The HTC One has been the best selling phone that HTC has ever produced and for a good reason. Winning numerous awards for best phone of the year, including one from us here at tbreak, HTC showed the world that they’re capable of pushing boundaries when it comes to creating phones. With a metallic design, an Ultra-pixel camera with Zoes, BoomSound and BlinkFeed, the HTC One was a revolutionary product for HTC. Problem with revolutionary products is that people start expecting more and it is almost impossible to come up with one year after year. A better road to take for a follow-up product is to tweak, refine and improve upon the original and that is exactly what HTC has done with the new HTC One M8.

Design & Construction

Last year’s HTC One was and continues to be one of the best built phones but with the new M8, HTC continues to increase their lead over their competitors. Simply put, it is stunning. With a 90% metallic finish, tapered edges and a curved back, the HTC One M8 not only fits well into your hands but feels feels incredibly premium. It’s available in three colours- Gun Metal Grey, Glacial Silver at launch with Amber Gold to follow in a couple of weeks. The Gun Metal grey that I received for review has a beautifully polished brushed aluminium finish that is so smooth that it feels like it might slip out of your hands- although it hasn’t escaped my grip in the few days I’ve used it.

Measuring 146.4 x 70.6 x 9.4 mm and weighing 160 grams, the new HTC One M8 is noticeably taller and heavier than the outgoing model. However, with the curved edges, the phone fits better in your hands and gives an impression of being thinner than the original even though its not. The only design decision that puzzles me is the presence of the black bar below the screen with the HTC logo. On the previous model, HTC had capacitive buttons for home and back on this strip, however these buttons have moved on-screen and there really is no need for this strip to exist.

Like the older HTC One, you have a power button on top and volume keys on the right, but unlike last year’s model, HTC has raised them a little and they’re not flushed within the chassis making it easier to find these keys using your fingers. The 3.5mm jack has been relocated from the top to the bottom and now sits next to the USB port. Above the volume keys on the right you have a MicroSD slot that will now need a pin to pop-out like the SIM tray which sits on the left side. The size reserved for the SIM tray suggests that a dual SIM version of the HTC One will follow soon. HTC has switched to the nano SIM format with the new HTC One M8 which makes it easy to switch from an iPhone 5/5S.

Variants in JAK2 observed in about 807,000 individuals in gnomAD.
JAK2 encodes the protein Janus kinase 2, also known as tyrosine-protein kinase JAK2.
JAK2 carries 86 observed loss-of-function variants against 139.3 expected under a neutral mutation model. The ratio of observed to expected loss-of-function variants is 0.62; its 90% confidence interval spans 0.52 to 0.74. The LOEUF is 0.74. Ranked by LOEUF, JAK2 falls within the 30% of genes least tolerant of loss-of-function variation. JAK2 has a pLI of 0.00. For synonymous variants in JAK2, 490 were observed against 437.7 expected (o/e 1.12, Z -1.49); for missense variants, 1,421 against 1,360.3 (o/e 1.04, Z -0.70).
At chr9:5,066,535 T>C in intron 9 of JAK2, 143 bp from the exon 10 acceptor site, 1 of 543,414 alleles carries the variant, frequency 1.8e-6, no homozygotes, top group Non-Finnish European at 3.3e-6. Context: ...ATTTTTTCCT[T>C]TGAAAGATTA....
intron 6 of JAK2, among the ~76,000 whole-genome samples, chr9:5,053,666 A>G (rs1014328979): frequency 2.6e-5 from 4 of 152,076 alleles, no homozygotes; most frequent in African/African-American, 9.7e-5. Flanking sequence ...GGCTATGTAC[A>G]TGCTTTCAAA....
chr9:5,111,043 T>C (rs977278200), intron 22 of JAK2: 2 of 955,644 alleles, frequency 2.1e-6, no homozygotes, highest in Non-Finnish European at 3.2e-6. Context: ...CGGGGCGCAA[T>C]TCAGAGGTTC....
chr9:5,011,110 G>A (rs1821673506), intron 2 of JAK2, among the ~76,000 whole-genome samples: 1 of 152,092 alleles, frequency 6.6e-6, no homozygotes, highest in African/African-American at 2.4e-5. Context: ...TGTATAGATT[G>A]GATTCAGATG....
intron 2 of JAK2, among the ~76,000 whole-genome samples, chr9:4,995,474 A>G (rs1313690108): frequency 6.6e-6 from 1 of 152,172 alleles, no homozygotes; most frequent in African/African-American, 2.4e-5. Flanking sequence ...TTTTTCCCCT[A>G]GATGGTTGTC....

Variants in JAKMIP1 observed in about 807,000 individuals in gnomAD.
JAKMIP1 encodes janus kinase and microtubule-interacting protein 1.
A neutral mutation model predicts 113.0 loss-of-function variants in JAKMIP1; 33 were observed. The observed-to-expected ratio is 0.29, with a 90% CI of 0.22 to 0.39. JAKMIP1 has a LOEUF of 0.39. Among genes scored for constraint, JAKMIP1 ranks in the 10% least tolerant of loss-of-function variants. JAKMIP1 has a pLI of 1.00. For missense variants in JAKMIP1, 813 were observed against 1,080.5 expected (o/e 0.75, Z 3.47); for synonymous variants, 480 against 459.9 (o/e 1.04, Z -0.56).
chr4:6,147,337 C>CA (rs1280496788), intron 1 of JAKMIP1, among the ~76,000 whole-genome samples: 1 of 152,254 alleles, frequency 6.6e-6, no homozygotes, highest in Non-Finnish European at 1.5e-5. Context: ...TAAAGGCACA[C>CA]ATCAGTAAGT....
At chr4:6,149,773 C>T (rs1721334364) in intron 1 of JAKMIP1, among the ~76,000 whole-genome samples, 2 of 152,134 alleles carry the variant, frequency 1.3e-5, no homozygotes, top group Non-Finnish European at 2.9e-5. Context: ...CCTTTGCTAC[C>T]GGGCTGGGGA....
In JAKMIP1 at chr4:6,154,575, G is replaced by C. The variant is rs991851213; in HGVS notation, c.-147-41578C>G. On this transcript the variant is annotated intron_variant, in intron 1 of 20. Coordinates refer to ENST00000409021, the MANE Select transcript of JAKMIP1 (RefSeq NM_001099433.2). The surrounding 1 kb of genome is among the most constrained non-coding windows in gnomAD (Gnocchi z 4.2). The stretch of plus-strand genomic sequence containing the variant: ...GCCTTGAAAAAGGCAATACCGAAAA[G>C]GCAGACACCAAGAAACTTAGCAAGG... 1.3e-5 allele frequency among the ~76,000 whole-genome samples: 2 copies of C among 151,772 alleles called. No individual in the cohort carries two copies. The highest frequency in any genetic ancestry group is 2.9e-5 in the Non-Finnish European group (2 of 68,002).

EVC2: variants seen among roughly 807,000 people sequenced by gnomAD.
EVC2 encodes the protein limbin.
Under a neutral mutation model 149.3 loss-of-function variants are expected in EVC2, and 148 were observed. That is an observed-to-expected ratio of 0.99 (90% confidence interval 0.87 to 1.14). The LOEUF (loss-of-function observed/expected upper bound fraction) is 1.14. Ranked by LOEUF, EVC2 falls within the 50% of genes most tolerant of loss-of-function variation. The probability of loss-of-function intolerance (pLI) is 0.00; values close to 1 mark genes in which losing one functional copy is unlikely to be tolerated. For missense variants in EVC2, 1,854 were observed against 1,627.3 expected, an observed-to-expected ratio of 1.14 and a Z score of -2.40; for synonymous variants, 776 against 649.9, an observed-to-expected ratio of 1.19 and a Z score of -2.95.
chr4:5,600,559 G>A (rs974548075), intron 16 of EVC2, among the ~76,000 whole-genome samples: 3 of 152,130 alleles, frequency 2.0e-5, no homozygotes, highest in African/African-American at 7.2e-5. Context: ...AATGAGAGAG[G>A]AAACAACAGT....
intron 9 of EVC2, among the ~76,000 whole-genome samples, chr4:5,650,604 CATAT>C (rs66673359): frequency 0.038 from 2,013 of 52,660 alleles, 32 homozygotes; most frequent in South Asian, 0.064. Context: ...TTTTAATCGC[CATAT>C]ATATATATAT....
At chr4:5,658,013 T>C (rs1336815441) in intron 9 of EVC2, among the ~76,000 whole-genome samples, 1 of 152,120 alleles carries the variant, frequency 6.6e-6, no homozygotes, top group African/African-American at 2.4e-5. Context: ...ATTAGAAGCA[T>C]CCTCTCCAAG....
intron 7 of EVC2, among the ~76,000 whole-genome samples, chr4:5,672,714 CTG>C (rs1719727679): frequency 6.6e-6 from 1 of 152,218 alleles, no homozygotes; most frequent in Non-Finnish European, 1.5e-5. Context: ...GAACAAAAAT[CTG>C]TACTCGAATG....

Specs and Performance

The HTC One M8 is equipped with the latest quad core Snapdragon 801 processor running at 2.3GHz and bundled with 2GB RAM. This makes the HTC One sit somewhere in between the two Sony and Samsung flagship products which are the Xperia Z2 and the Galaxy S5 respectively. The Sony Xperia Z2 features 3GB RAM while the Samsung Galaxy S5 comes with a faster 2.5GHz variant of the same processor. The following table compares the three phones.

 [gdpc_compare type=”phone” products=”12066,11812,11810″]

Coming to the benchmarks, I have yet to receive the Samsung Galaxy S5 and the Xperia Z2 so can’t really test how well the HTC One M8 compares to them but I do have the Xperia Z2 Tablet which boasts similar specs to the Xperia Z2 phone. Using AnTuTu Benchmark X, I’ve also put the results from the original HTC One to show you how much faster the newer model is.

HTC One (M8) HTC One Sony Xperia Z2 Tablet
Overall 33305 23283 32687
UX- Multitask 6656 4266 6659
UX – Runtime 3532 2530 3506
CPU Integrer 2544 2106 3290
CPU Float-point 3178 2226 3531
RAM Operations 1255 1026 1588
RAM Speed 2723 1487 2287
GPU Res 1080×1776 1080*1920 1200*1848
GPU 2D 1612 1643 1635
GPU 3D 9315 6064 7833
IO Storage 1815 1290 1713
IO Database 675 645 645

Display and Sound

The new HTC One M8 uses the same Super LCD3 technology as last year’s model and I have no problems with that as it is a beautiful display with excellent viewing angles that is also very readable in direct sunlight. Also like its predecessor, you get a full HD 1080 x 1920 display, however the physical size of the screen is increased from 4.7-inches to 5-inches. This gives the new HTC One M8 a slightly lower pixel density but honestly, it’s not something that most of us will notice. What does strike however, is that the new Sense UI brings onscreen Android buttons so you lose a bit of a screen space taken up by these buttons.